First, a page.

Streamlining pre-trial stage
Reviving summary proceedings aimed at obtaining provisional orders for payment
Adjustments to jurisdiction of magistrate's courts and district courts


On 15 July 2021, a reform of the New Code of Civil Procedure, which was long-awaited by Luxembourg litigators, was introduced (the new law).(1) The majority of the new law's provisions came into force on 16 September 2021.

This reform is intended to increase court proceedings' efficiency by:

  • simplifying certain procedural rules;
  • modernising the legal regime of certain types of proceedings; and
  • generally shortening the length of proceedings.

This article outlines the features of the reform that are deemed to have the most notable effect in practice.

Streamlining pre-trial stage

The new law has substantially modified the rules that apply to the pre-trial stage, which is the (crucial) stage of written proceedings during which the parties alternately file written conclusions and supporting pieces of evidence. The law aims to increase both the timeliness and effectiveness of this stage.

Means of defence relating to admissibility of claimant's action
Since the reform, means of defence that relate to the admissibility of the action or the court's jurisdiction must be raised in the defendant's first written conclusions, and it can only be the subject of a maximum of two written conclusions per party before the judge in charge of monitoring the pre-trial stage must rule on them.

Before the reform, such means of defence were often raised considerably later by the parties, and the judge would not necessarily rule on these means of defence first (ie, before ruling on the merits of the case). As such, certain proceedings could drag on for several years and they could generate heavy costs before finally resulting in an inadmissibility judgment.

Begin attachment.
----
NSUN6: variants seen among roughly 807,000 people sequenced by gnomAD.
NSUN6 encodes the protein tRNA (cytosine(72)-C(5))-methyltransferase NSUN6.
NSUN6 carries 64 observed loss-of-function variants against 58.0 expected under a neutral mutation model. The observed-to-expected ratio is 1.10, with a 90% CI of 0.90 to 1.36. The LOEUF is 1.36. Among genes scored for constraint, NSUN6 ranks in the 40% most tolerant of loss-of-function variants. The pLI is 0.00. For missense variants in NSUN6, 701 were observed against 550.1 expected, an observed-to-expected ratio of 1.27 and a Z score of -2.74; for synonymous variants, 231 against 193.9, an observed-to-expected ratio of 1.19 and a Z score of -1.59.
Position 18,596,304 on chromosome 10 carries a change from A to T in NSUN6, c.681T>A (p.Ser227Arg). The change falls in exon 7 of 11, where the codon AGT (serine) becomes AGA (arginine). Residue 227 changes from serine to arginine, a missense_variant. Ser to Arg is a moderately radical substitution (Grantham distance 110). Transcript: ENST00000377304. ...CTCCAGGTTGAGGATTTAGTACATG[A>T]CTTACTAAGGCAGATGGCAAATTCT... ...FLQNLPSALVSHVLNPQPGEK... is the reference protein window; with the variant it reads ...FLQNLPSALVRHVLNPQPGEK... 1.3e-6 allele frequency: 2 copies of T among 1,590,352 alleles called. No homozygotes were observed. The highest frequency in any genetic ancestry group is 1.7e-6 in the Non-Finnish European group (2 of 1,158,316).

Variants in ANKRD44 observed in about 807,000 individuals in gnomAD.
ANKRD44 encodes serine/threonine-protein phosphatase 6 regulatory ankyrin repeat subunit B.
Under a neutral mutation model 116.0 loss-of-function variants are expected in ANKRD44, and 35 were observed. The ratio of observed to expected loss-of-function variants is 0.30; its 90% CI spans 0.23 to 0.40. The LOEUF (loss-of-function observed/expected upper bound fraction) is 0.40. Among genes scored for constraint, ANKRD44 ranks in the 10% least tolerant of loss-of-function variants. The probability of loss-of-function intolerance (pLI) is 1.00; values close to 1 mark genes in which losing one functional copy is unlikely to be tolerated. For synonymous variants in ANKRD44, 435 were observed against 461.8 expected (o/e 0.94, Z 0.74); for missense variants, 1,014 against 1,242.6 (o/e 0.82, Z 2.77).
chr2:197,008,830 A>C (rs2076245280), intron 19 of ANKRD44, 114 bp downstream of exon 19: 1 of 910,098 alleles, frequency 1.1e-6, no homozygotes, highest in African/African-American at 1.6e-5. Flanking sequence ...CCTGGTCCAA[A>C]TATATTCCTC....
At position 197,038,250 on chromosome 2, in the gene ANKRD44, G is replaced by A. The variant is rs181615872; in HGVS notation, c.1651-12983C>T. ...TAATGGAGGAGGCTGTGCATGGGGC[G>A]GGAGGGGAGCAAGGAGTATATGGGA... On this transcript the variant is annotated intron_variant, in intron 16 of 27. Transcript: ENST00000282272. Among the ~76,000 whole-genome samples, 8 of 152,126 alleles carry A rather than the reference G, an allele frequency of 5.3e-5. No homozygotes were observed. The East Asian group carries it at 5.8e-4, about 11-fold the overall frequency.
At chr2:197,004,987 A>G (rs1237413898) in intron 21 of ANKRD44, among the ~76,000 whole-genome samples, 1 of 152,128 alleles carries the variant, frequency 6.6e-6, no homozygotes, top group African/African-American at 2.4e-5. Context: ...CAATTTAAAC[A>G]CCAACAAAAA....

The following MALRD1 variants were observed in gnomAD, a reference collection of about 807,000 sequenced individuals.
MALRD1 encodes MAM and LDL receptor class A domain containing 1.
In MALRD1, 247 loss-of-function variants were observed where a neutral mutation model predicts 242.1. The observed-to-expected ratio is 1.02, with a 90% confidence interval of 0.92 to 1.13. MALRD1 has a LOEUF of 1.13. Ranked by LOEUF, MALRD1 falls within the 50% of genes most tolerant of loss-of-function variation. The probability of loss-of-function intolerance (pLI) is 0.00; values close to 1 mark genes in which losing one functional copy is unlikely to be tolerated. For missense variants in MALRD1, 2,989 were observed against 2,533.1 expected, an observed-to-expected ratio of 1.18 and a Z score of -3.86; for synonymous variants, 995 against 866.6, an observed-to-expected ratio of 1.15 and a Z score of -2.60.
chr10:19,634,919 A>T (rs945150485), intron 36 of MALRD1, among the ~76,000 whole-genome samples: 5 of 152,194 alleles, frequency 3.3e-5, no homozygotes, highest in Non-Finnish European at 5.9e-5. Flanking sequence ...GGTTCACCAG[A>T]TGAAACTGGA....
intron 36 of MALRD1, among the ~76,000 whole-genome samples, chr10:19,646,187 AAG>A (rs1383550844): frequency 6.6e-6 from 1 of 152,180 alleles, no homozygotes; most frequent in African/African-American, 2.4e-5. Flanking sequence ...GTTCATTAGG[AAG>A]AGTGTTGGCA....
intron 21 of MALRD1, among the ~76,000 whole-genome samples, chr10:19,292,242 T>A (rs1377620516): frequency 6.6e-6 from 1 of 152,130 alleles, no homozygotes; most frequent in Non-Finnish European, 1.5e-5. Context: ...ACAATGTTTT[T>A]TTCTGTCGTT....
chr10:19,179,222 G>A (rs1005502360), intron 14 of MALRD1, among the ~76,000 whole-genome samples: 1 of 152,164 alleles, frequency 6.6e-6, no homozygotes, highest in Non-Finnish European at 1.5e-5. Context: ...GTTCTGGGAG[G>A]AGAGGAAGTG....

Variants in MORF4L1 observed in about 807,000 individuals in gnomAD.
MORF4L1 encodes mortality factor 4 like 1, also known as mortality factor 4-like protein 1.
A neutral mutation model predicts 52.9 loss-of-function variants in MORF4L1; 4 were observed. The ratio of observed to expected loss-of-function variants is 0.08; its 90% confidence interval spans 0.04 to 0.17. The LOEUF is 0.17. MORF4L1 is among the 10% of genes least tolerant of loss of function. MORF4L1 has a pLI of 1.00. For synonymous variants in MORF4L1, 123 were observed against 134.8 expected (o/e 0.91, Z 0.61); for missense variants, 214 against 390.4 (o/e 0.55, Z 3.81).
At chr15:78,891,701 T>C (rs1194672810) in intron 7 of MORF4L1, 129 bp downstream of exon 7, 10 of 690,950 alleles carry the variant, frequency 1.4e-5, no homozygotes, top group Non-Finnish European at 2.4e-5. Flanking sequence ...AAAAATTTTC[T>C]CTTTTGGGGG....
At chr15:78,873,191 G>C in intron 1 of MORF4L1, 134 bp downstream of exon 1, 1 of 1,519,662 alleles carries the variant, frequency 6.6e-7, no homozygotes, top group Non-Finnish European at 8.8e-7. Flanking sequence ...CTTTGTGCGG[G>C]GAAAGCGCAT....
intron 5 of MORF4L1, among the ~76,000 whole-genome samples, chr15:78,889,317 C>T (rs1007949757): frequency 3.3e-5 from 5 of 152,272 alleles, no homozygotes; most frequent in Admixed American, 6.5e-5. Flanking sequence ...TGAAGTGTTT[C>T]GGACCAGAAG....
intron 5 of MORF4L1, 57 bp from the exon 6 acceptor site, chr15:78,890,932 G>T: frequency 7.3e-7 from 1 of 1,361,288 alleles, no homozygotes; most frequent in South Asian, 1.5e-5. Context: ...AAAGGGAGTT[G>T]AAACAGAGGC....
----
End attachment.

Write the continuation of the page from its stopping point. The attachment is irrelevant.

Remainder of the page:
Written conclusions
Since the reform, each party must file consolidated written conclusions (prior to the pre-trial stage's closing), which must recapitulate the claims and means raised in prior written conclusions (failing to do this means that the claims and means are considered as forfeited).

Before the reform, the judge would need to consider and analyse all of the written conclusions filed by a party during the pre-trial stage, and to consolidate each party's arguments by themselves, which, in complex cases, could be a difficult exercise and take a considerable amount of time.

Simplified pre-trail stage
The reform has introduced a "simplified" pre-trial stage for cases in which:

  • the dispute value is a maximum of €100,000; and
  • there is only one claimant and one defendant.

For other cases, the simplified pre-trial process must be requested by one of the parties and accepted by the court.

The following rules apply to a simplified pre-trial stage:

  • The submission of written conclusions is subject to fixed time limits – namely, a first time limit of three months for the defendant to file their first written conclusions in response to the claimant's writ of summons, followed by successive periods of one month for each party (in turn) to file further written conclusions. These time limits may be extended only once.